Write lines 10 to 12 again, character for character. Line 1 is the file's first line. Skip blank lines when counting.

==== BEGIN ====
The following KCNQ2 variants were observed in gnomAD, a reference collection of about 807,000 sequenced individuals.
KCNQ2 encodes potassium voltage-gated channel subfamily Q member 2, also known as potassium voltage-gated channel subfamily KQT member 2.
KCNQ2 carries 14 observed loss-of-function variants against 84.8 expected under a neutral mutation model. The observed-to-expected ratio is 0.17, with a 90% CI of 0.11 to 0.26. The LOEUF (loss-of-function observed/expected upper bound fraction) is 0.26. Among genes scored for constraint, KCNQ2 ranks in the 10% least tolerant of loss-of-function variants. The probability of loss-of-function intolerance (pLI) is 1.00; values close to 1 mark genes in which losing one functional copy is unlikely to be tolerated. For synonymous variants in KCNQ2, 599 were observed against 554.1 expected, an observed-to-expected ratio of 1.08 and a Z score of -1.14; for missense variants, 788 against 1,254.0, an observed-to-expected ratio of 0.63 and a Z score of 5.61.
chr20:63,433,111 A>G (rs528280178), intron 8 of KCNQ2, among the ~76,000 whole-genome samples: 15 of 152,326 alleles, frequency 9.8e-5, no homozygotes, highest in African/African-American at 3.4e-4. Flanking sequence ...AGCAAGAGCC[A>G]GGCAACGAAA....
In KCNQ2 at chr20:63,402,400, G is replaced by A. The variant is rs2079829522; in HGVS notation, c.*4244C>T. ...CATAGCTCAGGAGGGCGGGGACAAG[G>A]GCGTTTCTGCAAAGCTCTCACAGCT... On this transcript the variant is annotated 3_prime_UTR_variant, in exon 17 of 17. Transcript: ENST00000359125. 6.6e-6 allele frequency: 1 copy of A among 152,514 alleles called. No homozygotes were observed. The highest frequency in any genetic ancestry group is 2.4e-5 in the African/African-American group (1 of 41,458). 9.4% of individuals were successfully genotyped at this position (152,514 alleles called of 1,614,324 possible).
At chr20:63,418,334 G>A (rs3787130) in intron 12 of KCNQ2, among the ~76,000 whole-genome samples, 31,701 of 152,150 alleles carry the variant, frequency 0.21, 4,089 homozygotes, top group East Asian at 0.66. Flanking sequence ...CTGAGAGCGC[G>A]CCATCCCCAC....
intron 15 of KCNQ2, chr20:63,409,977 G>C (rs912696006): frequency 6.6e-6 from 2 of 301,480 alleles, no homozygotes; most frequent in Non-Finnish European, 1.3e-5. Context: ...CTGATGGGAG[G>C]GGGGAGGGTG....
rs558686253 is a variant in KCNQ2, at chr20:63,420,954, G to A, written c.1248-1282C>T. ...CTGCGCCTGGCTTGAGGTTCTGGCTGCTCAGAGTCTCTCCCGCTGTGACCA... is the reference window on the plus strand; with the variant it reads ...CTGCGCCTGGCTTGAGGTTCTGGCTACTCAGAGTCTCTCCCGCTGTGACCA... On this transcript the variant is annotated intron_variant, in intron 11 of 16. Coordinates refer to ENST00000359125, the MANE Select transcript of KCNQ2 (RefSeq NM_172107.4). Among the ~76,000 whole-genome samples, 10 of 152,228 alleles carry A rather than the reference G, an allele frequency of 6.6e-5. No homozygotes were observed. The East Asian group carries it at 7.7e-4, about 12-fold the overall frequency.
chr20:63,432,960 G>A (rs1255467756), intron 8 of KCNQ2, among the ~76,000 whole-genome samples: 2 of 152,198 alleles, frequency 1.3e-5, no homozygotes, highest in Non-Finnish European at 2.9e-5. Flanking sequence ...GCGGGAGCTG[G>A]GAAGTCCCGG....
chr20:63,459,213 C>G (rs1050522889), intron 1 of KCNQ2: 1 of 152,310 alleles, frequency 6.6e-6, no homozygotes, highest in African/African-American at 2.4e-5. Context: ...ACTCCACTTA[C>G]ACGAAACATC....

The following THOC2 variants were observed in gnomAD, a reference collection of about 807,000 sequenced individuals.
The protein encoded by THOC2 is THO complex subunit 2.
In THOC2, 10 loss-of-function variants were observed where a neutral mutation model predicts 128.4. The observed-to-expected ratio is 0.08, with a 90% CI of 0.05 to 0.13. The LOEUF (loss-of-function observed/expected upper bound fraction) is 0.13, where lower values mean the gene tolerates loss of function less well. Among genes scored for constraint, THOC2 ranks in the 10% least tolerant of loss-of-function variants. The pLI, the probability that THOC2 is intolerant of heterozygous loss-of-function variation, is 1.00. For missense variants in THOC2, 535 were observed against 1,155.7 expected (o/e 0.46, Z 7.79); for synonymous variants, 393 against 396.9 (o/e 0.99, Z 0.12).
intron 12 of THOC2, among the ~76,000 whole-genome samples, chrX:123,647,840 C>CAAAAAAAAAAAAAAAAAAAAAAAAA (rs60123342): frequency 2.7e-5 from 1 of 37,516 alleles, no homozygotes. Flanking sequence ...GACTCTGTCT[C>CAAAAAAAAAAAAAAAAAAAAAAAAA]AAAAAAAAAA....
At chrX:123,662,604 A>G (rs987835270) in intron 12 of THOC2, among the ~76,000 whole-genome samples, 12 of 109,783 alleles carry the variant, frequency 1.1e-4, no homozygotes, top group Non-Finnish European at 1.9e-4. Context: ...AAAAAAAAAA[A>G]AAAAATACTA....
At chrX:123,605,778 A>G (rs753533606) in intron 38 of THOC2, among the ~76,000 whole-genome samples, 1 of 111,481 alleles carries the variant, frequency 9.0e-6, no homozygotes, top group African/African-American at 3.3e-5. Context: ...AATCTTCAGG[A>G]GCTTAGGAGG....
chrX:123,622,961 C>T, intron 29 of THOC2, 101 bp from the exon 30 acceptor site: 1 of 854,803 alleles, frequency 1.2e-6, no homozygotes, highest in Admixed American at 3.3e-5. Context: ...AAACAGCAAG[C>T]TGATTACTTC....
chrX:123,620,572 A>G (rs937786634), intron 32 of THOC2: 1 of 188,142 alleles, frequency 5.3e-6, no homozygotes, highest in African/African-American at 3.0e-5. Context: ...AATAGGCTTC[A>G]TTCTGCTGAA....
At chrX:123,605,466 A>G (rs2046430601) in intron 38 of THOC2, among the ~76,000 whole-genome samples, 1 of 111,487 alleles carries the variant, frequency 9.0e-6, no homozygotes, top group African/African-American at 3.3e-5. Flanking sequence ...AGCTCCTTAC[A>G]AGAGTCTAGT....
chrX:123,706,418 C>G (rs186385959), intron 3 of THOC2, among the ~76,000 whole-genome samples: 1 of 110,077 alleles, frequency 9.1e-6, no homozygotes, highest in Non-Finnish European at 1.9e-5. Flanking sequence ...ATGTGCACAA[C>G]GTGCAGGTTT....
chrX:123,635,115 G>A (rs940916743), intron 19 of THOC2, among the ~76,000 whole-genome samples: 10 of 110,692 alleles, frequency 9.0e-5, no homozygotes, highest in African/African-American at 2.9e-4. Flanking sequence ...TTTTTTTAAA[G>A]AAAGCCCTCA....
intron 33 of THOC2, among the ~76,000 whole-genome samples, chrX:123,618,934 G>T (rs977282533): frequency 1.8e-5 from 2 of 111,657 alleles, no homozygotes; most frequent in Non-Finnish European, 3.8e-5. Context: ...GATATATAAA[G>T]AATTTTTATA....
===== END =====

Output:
chr20:63,459,213 C>G (rs1050522889), intron 1 of KCNQ2: 1 of 152,310 alleles, frequency 6.6e-6, no homozygotes, highest in African/African-American at 2.4e-5. Context: ...ACTCCACTTA[C>G]ACGAAACATC....

The following THOC2 variants were observed in gnomAD, a reference collection of about 807,000 sequenced individuals.
The protein encoded by THOC2 is THO complex subunit 2.